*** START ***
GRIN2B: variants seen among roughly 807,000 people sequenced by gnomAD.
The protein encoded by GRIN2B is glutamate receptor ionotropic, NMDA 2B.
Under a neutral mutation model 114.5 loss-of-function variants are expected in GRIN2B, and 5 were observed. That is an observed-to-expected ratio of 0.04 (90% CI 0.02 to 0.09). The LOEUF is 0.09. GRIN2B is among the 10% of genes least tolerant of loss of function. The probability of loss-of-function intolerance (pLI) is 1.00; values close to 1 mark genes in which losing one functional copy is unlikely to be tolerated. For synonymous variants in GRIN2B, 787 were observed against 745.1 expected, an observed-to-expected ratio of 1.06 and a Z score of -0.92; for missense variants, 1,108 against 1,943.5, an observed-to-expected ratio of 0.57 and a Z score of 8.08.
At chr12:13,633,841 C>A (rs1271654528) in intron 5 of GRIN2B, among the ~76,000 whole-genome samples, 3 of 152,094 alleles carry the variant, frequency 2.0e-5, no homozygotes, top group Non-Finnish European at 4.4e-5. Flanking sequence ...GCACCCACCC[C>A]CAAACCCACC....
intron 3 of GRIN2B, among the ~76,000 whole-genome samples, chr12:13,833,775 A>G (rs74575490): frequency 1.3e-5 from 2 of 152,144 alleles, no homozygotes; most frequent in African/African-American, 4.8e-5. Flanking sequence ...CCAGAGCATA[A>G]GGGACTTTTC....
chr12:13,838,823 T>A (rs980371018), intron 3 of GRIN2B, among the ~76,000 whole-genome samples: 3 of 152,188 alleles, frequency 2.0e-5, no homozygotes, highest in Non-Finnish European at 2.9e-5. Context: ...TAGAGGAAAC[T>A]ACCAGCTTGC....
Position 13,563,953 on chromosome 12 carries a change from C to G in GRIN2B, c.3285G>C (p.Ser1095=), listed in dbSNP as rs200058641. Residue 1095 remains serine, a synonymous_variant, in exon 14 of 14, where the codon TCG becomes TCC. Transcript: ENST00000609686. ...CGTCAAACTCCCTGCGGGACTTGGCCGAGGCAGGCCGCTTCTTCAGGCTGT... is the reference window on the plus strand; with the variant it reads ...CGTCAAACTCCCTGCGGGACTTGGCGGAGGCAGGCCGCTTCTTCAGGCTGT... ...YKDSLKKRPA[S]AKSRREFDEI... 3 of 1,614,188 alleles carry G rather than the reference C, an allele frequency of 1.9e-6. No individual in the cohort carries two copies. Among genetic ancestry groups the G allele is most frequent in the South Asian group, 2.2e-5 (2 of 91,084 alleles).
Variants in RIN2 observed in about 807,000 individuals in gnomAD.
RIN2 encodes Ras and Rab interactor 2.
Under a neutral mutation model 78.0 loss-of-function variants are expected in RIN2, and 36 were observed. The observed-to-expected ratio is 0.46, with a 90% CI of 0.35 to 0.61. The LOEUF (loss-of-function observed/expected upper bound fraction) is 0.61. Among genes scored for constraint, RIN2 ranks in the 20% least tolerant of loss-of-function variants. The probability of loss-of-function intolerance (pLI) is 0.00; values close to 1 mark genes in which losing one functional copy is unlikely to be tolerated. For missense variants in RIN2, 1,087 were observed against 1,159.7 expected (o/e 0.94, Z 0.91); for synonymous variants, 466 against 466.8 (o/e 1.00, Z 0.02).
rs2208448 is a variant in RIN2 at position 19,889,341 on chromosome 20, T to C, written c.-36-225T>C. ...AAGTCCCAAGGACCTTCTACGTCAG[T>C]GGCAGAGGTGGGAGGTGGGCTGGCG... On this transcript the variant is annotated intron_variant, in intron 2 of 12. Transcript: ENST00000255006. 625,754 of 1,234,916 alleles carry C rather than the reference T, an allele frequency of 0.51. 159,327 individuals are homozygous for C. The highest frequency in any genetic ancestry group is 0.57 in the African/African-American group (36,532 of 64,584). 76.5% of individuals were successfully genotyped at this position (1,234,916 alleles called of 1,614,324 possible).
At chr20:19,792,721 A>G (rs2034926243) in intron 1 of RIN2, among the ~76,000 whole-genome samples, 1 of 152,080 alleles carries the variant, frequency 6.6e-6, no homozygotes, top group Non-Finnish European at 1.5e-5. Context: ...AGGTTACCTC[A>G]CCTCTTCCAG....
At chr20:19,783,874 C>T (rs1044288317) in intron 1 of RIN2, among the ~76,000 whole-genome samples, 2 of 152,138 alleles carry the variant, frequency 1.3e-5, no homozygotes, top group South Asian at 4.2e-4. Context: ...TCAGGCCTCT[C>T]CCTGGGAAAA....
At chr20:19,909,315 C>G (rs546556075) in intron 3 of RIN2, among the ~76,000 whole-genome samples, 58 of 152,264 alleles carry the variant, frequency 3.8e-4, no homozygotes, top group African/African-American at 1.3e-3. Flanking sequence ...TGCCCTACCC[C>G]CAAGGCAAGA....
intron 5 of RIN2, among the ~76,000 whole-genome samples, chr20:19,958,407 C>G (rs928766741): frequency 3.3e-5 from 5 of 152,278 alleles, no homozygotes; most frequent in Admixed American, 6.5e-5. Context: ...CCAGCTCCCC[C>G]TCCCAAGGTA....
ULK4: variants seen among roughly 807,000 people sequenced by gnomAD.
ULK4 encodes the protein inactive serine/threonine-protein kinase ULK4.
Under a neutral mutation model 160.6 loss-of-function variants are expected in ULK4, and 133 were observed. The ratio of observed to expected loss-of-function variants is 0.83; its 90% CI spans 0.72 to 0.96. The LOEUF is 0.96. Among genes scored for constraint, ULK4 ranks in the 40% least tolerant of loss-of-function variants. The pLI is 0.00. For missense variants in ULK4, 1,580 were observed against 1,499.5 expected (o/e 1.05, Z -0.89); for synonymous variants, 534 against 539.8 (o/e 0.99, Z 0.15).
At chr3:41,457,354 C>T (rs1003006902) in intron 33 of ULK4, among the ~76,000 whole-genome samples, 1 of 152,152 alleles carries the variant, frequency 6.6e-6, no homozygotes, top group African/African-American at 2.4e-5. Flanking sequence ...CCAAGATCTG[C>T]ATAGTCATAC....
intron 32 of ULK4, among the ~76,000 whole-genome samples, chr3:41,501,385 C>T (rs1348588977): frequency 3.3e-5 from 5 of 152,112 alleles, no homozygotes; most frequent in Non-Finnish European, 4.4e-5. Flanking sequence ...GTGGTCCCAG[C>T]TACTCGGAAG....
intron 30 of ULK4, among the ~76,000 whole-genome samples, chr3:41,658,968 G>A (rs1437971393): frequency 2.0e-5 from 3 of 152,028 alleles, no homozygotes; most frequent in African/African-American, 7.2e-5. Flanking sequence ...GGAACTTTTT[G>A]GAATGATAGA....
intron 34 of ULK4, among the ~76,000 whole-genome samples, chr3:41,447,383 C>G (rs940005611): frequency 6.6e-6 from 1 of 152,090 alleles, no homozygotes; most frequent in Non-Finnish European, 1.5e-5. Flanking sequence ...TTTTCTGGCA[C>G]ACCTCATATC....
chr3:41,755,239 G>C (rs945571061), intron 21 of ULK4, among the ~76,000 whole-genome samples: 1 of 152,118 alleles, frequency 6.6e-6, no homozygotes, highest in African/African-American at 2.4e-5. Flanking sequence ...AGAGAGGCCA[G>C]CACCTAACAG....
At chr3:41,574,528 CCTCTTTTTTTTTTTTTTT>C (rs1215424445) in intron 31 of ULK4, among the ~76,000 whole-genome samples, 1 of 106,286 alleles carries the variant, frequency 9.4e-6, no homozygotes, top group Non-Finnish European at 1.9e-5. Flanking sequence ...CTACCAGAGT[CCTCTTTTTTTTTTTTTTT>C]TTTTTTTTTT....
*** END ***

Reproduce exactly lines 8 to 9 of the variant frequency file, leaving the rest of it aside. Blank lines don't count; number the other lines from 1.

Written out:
Variants in RIN2 observed in about 807,000 individuals in gnomAD.
RIN2 encodes Ras and Rab interactor 2.